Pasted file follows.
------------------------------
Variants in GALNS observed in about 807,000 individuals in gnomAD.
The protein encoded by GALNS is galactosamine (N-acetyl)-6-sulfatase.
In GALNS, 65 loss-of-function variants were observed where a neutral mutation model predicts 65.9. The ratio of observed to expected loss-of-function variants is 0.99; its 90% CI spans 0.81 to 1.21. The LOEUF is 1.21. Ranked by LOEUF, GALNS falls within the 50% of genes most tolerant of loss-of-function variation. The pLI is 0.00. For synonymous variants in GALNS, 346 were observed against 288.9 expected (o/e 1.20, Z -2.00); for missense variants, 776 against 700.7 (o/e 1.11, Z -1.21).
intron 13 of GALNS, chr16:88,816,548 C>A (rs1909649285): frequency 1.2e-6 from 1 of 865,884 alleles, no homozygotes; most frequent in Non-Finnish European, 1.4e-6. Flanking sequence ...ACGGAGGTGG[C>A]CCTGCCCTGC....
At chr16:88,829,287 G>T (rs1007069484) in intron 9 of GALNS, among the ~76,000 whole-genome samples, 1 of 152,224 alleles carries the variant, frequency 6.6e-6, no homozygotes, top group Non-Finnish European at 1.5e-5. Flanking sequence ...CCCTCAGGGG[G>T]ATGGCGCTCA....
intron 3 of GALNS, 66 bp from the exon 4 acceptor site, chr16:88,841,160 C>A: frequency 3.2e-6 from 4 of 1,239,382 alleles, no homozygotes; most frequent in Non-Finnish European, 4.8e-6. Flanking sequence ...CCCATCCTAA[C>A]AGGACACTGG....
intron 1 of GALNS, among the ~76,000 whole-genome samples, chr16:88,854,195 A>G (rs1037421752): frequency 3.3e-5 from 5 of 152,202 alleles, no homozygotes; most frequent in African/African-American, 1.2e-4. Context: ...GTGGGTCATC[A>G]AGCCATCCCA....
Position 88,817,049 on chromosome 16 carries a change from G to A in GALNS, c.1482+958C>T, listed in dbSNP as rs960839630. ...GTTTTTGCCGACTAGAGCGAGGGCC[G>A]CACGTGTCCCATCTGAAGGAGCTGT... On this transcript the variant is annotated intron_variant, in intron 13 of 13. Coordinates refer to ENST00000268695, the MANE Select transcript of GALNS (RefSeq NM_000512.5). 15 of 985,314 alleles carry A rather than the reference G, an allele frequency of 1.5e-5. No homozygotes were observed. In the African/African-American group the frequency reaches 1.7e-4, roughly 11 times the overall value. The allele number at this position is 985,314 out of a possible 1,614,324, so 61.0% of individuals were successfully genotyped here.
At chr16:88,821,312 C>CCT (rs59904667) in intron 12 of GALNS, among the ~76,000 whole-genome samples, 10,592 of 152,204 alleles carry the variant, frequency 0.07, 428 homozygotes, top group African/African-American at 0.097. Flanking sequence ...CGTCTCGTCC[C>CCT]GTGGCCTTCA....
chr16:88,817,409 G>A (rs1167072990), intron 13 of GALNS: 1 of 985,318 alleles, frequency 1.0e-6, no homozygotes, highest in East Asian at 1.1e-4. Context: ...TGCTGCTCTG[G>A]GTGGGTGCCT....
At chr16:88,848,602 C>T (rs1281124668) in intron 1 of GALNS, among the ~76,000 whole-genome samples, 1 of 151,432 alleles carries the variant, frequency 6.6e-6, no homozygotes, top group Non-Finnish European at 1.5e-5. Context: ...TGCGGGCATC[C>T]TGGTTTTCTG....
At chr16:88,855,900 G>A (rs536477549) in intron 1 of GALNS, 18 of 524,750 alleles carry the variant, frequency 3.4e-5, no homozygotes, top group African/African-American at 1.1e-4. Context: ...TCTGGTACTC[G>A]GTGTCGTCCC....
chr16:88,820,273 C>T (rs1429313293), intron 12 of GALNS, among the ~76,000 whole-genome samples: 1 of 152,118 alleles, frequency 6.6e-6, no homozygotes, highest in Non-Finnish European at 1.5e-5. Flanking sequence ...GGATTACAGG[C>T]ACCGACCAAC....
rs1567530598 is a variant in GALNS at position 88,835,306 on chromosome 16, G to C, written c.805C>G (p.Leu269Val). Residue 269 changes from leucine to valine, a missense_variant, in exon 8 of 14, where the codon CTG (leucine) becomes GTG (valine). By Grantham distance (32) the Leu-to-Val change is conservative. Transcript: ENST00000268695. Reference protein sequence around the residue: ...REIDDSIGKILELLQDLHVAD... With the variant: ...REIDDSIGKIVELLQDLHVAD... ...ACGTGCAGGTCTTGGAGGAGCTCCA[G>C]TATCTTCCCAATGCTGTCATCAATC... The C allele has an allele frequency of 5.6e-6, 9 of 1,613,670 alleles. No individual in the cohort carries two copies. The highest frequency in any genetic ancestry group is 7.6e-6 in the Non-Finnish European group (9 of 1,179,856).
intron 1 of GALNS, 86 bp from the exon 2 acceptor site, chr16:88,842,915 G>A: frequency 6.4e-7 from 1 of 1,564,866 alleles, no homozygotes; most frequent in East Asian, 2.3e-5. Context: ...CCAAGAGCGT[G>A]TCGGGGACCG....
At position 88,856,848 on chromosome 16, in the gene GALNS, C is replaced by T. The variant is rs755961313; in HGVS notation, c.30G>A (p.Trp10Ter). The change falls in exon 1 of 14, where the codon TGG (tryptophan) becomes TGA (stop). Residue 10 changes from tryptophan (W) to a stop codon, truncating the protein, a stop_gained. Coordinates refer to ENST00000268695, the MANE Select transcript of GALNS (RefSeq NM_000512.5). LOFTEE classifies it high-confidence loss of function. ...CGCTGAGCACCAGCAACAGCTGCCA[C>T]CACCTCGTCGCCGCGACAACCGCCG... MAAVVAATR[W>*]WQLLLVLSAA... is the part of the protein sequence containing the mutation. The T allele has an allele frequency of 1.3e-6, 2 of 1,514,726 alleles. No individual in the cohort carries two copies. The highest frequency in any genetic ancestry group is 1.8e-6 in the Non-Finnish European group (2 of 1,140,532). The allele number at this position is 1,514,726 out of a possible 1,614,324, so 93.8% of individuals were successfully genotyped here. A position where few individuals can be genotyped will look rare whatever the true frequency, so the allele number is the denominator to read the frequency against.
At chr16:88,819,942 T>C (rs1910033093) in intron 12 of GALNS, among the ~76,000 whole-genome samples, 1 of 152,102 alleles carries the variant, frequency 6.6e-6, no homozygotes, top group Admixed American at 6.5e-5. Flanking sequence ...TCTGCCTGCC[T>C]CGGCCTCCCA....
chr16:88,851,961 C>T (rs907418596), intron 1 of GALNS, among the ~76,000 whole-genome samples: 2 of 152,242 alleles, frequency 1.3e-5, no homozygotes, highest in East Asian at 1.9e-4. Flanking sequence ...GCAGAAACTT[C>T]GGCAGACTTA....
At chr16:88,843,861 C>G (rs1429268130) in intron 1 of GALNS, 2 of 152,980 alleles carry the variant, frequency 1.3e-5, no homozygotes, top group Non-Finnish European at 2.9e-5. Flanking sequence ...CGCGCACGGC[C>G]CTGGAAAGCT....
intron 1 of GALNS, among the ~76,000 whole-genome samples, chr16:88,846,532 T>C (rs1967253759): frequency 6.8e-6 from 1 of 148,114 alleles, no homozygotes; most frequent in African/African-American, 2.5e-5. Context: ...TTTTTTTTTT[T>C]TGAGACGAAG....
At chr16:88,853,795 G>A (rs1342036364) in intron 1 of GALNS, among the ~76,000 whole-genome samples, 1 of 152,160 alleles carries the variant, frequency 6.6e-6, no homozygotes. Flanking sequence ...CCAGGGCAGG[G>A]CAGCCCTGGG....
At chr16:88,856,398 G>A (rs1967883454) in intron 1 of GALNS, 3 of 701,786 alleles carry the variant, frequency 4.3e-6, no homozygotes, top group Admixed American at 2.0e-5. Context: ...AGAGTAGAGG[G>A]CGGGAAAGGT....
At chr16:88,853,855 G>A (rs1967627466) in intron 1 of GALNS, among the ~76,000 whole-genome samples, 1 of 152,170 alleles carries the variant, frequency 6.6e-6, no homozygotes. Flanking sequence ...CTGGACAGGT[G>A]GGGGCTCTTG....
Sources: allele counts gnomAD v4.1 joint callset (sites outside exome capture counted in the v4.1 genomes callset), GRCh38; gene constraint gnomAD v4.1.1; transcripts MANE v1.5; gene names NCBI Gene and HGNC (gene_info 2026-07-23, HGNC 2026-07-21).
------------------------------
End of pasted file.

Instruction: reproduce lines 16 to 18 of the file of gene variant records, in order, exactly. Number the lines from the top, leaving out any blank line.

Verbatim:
At position 88,856,848 on chromosome 16, in the gene GALNS, C is replaced by T. The variant is rs755961313; in HGVS notation, c.30G>A (p.Trp10Ter). The change falls in exon 1 of 14, where the codon TGG (tryptophan) becomes TGA (stop). Residue 10 changes from tryptophan (W) to a stop codon, truncating the protein, a stop_gained. Coordinates refer to ENST00000268695, the MANE Select transcript of GALNS (RefSeq NM_000512.5). LOFTEE classifies it high-confidence loss of function. ...CGCTGAGCACCAGCAACAGCTGCCA[C>T]CACCTCGTCGCCGCGACAACCGCCG... MAAVVAATR[W>*]WQLLLVLSAA... is the part of the protein sequence containing the mutation. The T allele has an allele frequency of 1.3e-6, 2 of 1,514,726 alleles. No individual in the cohort carries two copies. The highest frequency in any genetic ancestry group is 1.8e-6 in the Non-Finnish European group (2 of 1,140,532). The allele number at this position is 1,514,726 out of a possible 1,614,324, so 93.8% of individuals were successfully genotyped here. A position where few individuals can be genotyped will look rare whatever the true frequency, so the allele number is the denominator to read the frequency against.
At chr16:88,819,942 T>C (rs1910033093) in intron 12 of GALNS, among the ~76,000 whole-genome samples, 1 of 152,102 alleles carries the variant, frequency 6.6e-6, no homozygotes, top group Admixed American at 6.5e-5. Flanking sequence ...TCTGCCTGCC[T>C]CGGCCTCCCA....
chr16:88,851,961 C>T (rs907418596), intron 1 of GALNS, among the ~76,000 whole-genome samples: 2 of 152,242 alleles, frequency 1.3e-5, no homozygotes, highest in East Asian at 1.9e-4. Flanking sequence ...GCAGAAACTT[C>T]GGCAGACTTA....